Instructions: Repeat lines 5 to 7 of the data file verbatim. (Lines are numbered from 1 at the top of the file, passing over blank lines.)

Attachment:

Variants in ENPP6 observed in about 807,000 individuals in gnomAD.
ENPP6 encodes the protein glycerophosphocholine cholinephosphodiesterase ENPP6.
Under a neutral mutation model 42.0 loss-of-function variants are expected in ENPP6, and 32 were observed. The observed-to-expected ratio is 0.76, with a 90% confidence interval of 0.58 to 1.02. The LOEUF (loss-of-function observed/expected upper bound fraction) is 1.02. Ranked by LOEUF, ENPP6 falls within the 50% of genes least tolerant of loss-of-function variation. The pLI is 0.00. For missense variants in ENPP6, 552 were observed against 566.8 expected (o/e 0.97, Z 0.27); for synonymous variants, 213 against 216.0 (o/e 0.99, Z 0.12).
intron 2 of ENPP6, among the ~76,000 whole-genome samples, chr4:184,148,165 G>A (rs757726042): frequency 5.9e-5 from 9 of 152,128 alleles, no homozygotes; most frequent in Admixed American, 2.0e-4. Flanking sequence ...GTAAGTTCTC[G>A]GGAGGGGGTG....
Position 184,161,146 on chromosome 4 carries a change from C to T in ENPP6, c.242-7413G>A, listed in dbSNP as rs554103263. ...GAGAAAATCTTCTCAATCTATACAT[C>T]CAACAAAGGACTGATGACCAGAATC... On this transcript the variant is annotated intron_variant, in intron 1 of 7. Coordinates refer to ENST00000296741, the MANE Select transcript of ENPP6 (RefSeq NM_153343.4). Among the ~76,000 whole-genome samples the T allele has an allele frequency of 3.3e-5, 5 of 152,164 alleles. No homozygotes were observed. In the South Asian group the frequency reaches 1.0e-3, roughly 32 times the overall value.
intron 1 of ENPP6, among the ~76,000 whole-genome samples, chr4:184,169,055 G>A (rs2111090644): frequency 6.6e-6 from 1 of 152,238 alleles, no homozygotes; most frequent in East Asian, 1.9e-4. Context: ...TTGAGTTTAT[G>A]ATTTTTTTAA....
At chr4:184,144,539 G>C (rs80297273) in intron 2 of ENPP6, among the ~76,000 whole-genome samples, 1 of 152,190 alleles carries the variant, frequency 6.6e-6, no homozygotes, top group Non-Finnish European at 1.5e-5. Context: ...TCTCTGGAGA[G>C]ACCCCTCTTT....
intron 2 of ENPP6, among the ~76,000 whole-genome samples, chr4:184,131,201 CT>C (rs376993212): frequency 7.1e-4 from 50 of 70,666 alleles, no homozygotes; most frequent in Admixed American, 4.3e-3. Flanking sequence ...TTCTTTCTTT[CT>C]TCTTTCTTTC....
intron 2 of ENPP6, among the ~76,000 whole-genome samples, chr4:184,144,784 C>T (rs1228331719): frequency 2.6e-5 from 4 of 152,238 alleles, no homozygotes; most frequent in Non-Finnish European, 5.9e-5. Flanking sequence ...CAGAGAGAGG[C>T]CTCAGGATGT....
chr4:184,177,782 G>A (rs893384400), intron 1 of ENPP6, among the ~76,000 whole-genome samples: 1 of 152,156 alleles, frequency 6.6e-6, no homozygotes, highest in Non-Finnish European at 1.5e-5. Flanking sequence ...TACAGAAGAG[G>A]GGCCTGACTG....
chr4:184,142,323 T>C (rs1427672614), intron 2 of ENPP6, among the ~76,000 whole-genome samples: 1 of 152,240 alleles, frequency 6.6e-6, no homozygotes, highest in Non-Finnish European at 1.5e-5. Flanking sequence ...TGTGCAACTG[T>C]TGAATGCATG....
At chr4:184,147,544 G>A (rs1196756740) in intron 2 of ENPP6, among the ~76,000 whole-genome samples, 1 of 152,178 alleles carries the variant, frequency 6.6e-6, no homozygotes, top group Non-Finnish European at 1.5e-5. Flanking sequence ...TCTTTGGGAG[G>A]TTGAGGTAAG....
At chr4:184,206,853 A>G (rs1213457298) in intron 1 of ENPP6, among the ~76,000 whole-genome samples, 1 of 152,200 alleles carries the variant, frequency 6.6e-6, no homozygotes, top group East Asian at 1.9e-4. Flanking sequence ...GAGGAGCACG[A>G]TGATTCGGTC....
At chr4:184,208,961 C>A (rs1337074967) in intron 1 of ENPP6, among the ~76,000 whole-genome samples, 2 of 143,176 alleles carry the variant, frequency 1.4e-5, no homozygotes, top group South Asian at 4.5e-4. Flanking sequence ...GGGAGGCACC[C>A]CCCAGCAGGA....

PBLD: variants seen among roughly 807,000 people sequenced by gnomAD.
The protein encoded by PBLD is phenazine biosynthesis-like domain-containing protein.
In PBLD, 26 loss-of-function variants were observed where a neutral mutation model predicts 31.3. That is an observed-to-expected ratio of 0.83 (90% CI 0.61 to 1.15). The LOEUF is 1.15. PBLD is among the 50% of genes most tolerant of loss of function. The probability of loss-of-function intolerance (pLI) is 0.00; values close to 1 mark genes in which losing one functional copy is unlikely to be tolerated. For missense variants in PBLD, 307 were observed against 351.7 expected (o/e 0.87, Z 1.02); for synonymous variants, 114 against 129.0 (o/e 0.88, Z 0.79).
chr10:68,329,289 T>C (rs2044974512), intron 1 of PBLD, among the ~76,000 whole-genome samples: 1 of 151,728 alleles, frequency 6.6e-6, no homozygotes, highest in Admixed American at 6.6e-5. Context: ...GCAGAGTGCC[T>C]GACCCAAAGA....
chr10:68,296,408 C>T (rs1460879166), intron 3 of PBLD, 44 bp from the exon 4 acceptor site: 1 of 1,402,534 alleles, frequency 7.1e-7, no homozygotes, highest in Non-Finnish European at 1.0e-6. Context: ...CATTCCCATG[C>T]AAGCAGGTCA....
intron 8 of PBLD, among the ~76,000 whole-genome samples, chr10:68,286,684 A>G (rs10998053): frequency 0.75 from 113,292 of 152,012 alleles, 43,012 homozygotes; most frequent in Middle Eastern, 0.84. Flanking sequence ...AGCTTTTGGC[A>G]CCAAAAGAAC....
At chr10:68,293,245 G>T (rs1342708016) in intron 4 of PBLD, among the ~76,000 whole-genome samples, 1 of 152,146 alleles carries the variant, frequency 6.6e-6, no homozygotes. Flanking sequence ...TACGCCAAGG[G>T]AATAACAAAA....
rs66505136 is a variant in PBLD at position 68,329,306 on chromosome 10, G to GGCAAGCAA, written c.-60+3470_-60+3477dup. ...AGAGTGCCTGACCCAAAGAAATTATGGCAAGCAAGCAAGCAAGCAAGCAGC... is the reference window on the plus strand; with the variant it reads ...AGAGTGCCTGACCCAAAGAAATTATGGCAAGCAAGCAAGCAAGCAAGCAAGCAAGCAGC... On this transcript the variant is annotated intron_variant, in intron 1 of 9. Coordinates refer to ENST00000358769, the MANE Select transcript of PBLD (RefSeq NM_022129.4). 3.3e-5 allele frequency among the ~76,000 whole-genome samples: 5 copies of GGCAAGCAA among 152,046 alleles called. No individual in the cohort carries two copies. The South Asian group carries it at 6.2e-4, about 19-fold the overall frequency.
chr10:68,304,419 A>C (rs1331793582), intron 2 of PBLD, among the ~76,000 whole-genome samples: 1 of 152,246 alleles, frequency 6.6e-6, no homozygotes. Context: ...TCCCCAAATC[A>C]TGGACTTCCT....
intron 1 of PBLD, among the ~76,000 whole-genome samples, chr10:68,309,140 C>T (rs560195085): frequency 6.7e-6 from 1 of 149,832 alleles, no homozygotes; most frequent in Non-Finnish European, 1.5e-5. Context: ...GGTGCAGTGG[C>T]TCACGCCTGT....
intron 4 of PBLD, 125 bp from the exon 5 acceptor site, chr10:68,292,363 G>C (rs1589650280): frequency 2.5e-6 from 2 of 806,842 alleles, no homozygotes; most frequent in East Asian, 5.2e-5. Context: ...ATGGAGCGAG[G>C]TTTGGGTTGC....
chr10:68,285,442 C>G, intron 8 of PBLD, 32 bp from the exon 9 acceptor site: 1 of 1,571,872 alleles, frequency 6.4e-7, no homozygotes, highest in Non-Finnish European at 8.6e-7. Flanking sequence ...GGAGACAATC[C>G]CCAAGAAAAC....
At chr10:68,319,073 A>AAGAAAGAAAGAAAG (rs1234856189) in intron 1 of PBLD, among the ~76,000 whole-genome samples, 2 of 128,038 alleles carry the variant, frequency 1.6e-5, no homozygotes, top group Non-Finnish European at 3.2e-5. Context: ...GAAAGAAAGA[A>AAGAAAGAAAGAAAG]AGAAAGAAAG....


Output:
Position 184,161,146 on chromosome 4 carries a change from C to T in ENPP6, c.242-7413G>A, listed in dbSNP as rs554103263. ...GAGAAAATCTTCTCAATCTATACAT[C>T]CAACAAAGGACTGATGACCAGAATC... On this transcript the variant is annotated intron_variant, in intron 1 of 7. Coordinates refer to ENST00000296741, the MANE Select transcript of ENPP6 (RefSeq NM_153343.4). Among the ~76,000 whole-genome samples the T allele has an allele frequency of 3.3e-5, 5 of 152,164 alleles. No homozygotes were observed. In the South Asian group the frequency reaches 1.0e-3, roughly 32 times the overall value.
intron 1 of ENPP6, among the ~76,000 whole-genome samples, chr4:184,169,055 G>A (rs2111090644): frequency 6.6e-6 from 1 of 152,238 alleles, no homozygotes; most frequent in East Asian, 1.9e-4. Context: ...TTGAGTTTAT[G>A]ATTTTTTTAA....
At chr4:184,144,539 G>C (rs80297273) in intron 2 of ENPP6, among the ~76,000 whole-genome samples, 1 of 152,190 alleles carries the variant, frequency 6.6e-6, no homozygotes, top group Non-Finnish European at 1.5e-5. Context: ...TCTCTGGAGA[G>C]ACCCCTCTTT....